In the face of turbulent economic times, Walt Disney Co.’s theme-park business could still see some magic.
Bank of America’s Jessica Reif Ehrlich wrote Thursday that attendance at Disney
parks “remains resilient despite recent macro volatility as visitors rarely cancel trips once booked.”
She added that the company’s move to cancel Disneyland annual passes “is a positive indicator for booking trends and overall demand,” and she expects that the entertainment giant could receive a boost from overseas visitors. As international travel continues to pick up, overseas guests could help make up for “any potential softness in U.S. consumer demand,” according to Reif Ehrlich.
There could be positive signs elsewhere in Disney’s business, too. Reif Ehrlich noted that the company expanded its direct-to-consumer streaming service into 40 markets during its fiscal third quarter, a move that she anticipates will spur a sequential acceleration in net subscriber additions during the period.
Reif Ehrlich also shrugged off recent concerns about the status of Disney’s Indian Premier League cricket rights. The company currently has both the television and streaming rights to the popular cricket league, which has helped Disney build its streaming subscriber base in India, but Disney’s management team opted against renewing the streaming portion of those rights for the next five years amid hefty bidding prices.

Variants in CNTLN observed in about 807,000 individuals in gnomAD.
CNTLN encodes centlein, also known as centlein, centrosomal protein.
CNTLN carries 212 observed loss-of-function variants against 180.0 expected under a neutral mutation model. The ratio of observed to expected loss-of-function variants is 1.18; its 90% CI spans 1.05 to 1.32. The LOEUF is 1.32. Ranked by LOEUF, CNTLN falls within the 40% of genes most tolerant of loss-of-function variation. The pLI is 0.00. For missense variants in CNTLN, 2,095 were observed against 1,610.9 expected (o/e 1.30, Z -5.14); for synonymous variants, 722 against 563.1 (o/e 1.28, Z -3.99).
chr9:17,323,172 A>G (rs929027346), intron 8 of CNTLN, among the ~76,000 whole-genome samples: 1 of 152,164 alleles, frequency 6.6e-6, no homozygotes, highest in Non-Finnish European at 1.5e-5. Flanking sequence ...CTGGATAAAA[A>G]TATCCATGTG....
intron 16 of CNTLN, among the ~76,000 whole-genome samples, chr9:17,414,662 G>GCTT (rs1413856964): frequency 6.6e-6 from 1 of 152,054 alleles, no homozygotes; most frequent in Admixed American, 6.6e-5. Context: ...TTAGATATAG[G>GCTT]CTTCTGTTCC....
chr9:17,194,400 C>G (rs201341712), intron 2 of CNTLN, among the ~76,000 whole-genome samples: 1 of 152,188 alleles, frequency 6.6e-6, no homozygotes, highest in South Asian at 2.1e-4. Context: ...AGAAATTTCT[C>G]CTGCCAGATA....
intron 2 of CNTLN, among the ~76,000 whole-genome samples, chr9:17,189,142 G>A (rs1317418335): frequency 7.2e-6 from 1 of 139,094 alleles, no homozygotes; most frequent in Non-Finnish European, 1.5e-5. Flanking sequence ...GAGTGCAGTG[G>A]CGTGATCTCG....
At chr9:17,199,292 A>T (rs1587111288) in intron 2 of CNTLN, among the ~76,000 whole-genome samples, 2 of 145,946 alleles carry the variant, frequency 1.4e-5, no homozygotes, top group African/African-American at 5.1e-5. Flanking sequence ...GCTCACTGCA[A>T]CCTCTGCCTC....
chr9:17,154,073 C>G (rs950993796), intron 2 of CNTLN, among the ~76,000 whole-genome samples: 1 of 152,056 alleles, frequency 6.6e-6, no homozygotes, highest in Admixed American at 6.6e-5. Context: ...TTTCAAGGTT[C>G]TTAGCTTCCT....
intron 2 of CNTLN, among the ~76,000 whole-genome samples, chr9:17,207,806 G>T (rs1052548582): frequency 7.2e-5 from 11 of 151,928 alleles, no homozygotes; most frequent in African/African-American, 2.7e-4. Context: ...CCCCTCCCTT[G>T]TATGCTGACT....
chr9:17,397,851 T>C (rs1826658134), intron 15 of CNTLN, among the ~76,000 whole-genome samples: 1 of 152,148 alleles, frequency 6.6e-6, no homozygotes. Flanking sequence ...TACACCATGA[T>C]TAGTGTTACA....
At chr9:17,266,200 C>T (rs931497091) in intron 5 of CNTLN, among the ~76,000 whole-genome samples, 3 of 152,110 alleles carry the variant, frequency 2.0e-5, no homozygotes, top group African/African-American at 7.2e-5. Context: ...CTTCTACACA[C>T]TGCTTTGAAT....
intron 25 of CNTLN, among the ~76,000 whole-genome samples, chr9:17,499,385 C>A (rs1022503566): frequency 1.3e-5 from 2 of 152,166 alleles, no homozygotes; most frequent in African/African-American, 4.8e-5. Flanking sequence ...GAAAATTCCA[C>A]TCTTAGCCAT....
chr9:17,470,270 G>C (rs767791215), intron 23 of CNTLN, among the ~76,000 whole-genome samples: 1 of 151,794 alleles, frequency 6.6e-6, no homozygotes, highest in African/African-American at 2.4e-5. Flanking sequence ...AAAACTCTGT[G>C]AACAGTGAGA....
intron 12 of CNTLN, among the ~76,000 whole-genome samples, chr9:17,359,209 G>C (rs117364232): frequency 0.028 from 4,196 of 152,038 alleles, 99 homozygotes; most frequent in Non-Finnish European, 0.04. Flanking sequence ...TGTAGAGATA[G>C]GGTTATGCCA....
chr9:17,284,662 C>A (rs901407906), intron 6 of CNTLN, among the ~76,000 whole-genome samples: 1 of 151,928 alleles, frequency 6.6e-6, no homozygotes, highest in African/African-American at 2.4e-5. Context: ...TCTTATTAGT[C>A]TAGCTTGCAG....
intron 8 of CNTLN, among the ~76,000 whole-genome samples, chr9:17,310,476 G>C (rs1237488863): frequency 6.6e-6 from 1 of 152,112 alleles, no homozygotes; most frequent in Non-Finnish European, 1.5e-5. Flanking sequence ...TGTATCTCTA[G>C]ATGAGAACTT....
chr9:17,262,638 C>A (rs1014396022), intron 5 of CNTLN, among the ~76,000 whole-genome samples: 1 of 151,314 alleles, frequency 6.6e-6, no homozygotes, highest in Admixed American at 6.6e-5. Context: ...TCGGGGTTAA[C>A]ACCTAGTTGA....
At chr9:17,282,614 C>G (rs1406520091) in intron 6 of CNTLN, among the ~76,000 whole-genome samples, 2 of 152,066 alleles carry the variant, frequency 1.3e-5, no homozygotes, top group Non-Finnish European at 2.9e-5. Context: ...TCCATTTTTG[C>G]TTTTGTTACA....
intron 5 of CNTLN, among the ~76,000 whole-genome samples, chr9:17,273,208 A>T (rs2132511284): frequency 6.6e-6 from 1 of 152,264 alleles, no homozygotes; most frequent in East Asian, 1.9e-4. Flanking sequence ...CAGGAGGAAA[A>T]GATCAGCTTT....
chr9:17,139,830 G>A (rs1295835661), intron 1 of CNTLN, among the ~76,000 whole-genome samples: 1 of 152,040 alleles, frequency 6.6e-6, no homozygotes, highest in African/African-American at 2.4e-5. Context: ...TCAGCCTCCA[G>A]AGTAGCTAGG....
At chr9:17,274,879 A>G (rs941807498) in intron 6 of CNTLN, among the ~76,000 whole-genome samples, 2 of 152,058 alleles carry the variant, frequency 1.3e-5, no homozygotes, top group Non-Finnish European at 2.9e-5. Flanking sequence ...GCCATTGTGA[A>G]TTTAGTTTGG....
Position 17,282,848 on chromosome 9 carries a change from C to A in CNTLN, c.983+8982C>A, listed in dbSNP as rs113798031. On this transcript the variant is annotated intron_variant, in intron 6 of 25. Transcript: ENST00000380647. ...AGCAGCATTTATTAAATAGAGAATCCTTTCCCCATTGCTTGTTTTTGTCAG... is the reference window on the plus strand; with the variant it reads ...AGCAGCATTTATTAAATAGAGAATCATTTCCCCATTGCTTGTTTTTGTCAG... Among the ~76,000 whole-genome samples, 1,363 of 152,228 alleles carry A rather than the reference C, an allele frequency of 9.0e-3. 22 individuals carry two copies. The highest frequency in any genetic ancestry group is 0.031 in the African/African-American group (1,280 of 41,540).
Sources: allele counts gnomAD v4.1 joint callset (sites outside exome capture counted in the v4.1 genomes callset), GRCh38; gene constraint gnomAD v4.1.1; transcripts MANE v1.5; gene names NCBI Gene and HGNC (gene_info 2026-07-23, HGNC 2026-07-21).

While Reif Ehrlich acknowledged that the Indian Premier League issue is “the key investor concern” for Disney’s streaming business in the near term, she deemed the company’s choice to pass up another five years of the streaming rights as “prudent,” citing “the elevated cost for these rights,” as well as the lower average revenue per user that subscribers to Disney’s Indian streaming service generate. In addition, there’s been a “shifting investor focus toward profitability vs. subscribers,” she continued.
The changing dynamics in cricket streaming could prompt Disney to “reevaluate” its fiscal 2024 Disney+ subscriber forecast, according to Reif Ehrlich, but she thought such a move would be “a negative one-day headline” that could potentially serve to “remove a key investor overhang” and reset expectations for the streaming business.
Reif Ehrlich cut her price objective on Disney’s stock to $122 from $140, but she kept her buy rating on the name. Disney shares are off 0.3% in Thursday morning trading, and they’re down about 33% over the past three months as the Dow Jones Industrial Average
has lost 11%.